Tuesday, March 01, 2005


In Jack Pitney's Politics of Journalism class, one of the terms on our final was "VNR." A VNR, short for "video news release" is like a press release - just on tape.

That was 1998.

Apparently, however, VNRs are news to the, uh, news. That they've been around quite awhile doesn't make them less sneaky, but it does mean media's being a bit fake in their shock over the news that Schwarzenegger's administration has used one to promote proposed changes in workers' administratively mandated break times.

A Chron article notes that Bay Area stations airing the report, added footage of Capitol protests against the proposed change.

I'm as tough on Schwarzenegger - and Bush, also hit with charges of VNR deception - as anyone, and I'm not necessarily arguing with the idea the VNRs are dangerous. But acting like this is a new phenomenon, refusing to turn the critcism inward to the hundreds of lazily constructed news articles that rely on press release supplied talking points, is just a lie.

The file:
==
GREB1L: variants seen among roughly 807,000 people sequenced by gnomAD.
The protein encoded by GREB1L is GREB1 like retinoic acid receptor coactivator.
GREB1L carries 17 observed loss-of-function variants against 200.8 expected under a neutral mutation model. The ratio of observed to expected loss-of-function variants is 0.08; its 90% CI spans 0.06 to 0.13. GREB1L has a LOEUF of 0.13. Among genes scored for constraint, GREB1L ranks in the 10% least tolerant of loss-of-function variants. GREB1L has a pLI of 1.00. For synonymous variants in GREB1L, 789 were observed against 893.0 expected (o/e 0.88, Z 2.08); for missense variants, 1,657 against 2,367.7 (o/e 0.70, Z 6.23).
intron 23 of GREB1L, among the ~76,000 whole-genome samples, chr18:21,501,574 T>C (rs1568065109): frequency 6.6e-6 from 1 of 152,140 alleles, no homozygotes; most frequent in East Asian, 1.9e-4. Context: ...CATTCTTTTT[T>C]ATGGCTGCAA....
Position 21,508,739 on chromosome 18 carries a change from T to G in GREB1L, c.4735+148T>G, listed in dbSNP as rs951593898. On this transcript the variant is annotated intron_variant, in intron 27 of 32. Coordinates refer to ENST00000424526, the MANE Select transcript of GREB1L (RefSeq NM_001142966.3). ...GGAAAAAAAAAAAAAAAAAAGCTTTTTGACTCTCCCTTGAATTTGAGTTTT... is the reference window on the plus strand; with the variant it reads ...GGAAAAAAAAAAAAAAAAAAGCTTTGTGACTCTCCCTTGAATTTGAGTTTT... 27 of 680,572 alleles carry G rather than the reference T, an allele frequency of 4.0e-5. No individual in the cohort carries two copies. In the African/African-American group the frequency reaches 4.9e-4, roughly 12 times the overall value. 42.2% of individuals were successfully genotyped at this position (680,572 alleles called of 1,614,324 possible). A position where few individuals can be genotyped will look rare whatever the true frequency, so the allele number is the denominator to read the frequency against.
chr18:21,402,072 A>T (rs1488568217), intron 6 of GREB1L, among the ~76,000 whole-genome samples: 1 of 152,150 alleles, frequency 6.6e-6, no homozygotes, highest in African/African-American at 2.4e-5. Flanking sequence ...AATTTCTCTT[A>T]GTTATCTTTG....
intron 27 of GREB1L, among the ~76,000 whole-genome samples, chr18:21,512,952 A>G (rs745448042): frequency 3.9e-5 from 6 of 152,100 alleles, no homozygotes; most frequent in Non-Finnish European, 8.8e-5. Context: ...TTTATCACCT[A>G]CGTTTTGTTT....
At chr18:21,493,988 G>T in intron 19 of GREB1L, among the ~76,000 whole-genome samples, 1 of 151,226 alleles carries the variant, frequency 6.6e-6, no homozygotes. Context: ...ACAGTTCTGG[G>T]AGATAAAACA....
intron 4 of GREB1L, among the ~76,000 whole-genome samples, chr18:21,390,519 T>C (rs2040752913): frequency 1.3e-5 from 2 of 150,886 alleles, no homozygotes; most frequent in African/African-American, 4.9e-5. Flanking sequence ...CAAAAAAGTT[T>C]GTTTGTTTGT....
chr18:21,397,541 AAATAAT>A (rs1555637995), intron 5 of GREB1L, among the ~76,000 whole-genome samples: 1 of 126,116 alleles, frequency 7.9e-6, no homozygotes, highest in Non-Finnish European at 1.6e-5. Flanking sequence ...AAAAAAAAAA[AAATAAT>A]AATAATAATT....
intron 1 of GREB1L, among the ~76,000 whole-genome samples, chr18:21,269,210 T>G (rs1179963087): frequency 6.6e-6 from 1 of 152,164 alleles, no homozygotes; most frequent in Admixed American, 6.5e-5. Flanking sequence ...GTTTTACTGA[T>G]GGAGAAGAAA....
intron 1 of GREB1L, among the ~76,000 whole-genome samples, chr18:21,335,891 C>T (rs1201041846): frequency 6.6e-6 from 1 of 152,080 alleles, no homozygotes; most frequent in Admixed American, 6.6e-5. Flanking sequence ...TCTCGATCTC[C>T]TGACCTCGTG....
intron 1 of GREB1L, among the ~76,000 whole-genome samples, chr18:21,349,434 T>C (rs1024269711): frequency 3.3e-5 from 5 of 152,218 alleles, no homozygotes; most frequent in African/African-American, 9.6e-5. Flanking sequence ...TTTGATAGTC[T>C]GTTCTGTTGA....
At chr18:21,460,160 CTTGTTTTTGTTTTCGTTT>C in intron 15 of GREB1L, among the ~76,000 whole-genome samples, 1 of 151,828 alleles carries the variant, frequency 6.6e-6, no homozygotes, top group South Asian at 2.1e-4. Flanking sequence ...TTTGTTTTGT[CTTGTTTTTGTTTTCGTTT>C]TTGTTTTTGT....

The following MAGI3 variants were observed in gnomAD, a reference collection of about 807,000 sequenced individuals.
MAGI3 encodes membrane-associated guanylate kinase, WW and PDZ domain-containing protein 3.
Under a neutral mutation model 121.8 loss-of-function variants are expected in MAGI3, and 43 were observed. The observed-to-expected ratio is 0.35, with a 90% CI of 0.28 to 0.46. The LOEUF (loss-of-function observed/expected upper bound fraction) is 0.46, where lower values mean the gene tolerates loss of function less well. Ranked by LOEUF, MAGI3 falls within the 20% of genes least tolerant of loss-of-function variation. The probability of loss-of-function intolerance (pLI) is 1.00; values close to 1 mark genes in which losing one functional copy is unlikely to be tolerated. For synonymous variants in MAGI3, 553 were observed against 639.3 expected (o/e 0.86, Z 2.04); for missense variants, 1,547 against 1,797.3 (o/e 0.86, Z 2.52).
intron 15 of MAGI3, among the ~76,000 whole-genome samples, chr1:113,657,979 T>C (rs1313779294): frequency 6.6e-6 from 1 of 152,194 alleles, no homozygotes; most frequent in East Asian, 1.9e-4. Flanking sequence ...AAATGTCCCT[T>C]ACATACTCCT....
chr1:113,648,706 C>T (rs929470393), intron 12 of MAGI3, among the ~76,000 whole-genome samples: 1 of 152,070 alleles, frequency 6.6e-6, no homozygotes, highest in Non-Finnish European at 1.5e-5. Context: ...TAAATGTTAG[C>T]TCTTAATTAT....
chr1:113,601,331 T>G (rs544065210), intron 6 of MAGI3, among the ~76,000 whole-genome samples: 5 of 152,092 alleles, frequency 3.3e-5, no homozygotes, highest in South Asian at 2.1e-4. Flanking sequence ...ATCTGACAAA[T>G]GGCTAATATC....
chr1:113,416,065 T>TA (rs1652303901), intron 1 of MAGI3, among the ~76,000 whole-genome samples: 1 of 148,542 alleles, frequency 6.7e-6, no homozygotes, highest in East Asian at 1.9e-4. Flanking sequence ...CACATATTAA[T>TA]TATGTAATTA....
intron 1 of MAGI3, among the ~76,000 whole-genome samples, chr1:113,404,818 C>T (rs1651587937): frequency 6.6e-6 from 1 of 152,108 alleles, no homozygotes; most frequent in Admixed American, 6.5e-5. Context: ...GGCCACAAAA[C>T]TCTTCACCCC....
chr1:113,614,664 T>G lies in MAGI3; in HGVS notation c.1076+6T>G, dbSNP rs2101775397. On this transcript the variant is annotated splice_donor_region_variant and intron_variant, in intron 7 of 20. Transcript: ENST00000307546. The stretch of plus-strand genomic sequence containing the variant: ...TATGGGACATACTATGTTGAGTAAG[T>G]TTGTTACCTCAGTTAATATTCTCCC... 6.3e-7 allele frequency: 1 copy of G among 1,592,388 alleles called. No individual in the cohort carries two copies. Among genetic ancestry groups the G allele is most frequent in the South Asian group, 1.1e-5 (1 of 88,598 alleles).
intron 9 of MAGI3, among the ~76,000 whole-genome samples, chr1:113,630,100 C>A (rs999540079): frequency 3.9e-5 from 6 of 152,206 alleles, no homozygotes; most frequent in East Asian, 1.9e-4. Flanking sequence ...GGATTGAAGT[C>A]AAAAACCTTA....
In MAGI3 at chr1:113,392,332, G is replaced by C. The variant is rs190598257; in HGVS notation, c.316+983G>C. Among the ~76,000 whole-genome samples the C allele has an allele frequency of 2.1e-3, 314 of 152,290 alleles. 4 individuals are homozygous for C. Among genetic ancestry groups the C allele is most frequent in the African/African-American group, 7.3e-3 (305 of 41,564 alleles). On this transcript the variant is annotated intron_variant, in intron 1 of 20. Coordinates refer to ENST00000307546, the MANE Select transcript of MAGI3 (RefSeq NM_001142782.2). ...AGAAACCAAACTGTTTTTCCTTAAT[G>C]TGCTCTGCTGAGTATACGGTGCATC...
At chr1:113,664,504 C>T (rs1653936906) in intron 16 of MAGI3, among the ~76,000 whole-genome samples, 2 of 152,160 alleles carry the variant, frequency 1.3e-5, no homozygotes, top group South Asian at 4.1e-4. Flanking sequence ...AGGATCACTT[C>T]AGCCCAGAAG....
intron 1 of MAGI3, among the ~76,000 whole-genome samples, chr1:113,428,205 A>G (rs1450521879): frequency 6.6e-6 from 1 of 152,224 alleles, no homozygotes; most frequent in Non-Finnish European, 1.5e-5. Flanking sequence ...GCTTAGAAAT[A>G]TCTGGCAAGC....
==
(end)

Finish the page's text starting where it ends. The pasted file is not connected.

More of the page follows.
An underlying lie doesn't excuse the administration, but it certainly helps tell the rest of the story.

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